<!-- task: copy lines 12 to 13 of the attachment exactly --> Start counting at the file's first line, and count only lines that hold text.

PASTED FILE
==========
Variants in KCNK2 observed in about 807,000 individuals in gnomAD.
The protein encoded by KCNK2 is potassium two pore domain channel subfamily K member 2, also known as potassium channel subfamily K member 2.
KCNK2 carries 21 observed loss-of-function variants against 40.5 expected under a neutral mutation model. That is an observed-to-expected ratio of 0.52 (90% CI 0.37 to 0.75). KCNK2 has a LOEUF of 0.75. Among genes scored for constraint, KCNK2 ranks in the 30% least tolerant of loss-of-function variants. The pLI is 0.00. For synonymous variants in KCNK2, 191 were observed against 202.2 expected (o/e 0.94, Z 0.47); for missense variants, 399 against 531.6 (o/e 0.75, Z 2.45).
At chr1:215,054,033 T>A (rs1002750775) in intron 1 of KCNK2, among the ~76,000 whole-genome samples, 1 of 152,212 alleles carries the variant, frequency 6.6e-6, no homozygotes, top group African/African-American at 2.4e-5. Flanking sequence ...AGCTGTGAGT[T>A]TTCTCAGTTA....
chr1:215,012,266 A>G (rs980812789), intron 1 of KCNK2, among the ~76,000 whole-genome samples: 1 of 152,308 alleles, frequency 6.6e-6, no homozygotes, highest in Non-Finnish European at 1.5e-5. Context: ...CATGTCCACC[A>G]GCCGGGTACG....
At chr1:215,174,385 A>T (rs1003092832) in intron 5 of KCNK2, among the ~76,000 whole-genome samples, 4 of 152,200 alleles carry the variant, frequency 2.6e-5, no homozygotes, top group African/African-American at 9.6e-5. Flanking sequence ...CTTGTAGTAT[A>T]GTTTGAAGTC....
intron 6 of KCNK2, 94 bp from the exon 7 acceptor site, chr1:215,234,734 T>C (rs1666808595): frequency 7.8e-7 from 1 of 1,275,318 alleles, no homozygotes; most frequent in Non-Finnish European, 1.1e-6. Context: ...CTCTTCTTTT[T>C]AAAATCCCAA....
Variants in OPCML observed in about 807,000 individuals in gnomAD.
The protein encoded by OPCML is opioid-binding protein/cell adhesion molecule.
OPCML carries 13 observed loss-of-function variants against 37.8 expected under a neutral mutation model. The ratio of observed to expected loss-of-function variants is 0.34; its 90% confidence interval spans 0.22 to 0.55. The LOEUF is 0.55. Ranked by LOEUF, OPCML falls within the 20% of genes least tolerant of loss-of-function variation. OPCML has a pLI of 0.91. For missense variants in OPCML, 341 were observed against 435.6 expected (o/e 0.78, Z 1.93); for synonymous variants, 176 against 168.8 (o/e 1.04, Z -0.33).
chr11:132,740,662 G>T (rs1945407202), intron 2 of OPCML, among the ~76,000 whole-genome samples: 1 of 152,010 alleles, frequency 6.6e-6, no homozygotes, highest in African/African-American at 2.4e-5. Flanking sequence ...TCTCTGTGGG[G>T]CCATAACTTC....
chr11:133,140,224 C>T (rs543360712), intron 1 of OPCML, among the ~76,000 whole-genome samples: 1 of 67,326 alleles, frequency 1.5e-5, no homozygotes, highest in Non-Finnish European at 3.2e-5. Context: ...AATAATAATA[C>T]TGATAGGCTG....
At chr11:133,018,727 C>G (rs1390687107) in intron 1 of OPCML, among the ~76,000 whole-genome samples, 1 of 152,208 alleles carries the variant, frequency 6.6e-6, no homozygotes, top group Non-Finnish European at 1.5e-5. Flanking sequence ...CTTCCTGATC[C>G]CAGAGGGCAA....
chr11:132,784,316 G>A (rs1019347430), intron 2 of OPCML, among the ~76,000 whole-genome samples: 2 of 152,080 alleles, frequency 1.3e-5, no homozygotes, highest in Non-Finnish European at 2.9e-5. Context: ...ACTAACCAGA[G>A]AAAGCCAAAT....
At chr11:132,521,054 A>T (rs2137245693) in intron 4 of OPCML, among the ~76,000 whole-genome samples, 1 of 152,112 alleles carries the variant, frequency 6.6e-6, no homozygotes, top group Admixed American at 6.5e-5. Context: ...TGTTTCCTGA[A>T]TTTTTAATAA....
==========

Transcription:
chr11:133,140,224 C>T (rs543360712), intron 1 of OPCML, among the ~76,000 whole-genome samples: 1 of 67,326 alleles, frequency 1.5e-5, no homozygotes, highest in Non-Finnish European at 3.2e-5. Context: ...AATAATAATA[C>T]TGATAGGCTG....
At chr11:133,018,727 C>G (rs1390687107) in intron 1 of OPCML, among the ~76,000 whole-genome samples, 1 of 152,208 alleles carries the variant, frequency 6.6e-6, no homozygotes, top group Non-Finnish European at 1.5e-5. Flanking sequence ...CTTCCTGATC[C>G]CAGAGGGCAA....